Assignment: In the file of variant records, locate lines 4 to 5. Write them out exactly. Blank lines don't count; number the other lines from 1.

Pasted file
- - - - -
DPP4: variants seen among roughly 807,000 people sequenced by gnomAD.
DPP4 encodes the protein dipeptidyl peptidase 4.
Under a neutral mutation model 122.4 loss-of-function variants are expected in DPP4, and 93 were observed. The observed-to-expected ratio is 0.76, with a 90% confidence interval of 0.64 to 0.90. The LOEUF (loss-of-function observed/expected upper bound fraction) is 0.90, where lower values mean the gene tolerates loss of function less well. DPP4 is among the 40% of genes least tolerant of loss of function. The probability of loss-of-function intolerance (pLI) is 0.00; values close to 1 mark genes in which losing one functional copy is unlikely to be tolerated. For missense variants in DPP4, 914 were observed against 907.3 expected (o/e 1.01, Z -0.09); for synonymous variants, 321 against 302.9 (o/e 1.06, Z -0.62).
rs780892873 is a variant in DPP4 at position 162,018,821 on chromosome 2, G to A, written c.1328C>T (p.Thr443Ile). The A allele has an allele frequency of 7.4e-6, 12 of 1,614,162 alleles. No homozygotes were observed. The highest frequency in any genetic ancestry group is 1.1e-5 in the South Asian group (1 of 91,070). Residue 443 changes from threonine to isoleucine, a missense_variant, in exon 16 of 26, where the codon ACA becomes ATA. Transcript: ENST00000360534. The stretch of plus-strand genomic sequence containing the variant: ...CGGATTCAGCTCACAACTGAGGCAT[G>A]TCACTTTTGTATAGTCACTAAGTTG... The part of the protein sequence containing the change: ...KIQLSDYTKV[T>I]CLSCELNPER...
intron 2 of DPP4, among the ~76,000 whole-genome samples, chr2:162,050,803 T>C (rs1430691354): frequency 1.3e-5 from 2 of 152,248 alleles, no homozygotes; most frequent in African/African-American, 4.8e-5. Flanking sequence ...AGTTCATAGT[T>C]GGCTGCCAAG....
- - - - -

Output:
rs780892873 is a variant in DPP4 at position 162,018,821 on chromosome 2, G to A, written c.1328C>T (p.Thr443Ile). The A allele has an allele frequency of 7.4e-6, 12 of 1,614,162 alleles. No homozygotes were observed. The highest frequency in any genetic ancestry group is 1.1e-5 in the South Asian group (1 of 91,070). Residue 443 changes from threonine to isoleucine, a missense_variant, in exon 16 of 26, where the codon ACA becomes ATA. Transcript: ENST00000360534. The stretch of plus-strand genomic sequence containing the variant: ...CGGATTCAGCTCACAACTGAGGCAT[G>A]TCACTTTTGTATAGTCACTAAGTTG... The part of the protein sequence containing the change: ...KIQLSDYTKV[T>I]CLSCELNPER...
intron 2 of DPP4, among the ~76,000 whole-genome samples, chr2:162,050,803 T>C (rs1430691354): frequency 1.3e-5 from 2 of 152,248 alleles, no homozygotes; most frequent in African/African-American, 4.8e-5. Flanking sequence ...AGTTCATAGT[T>C]GGCTGCCAAG....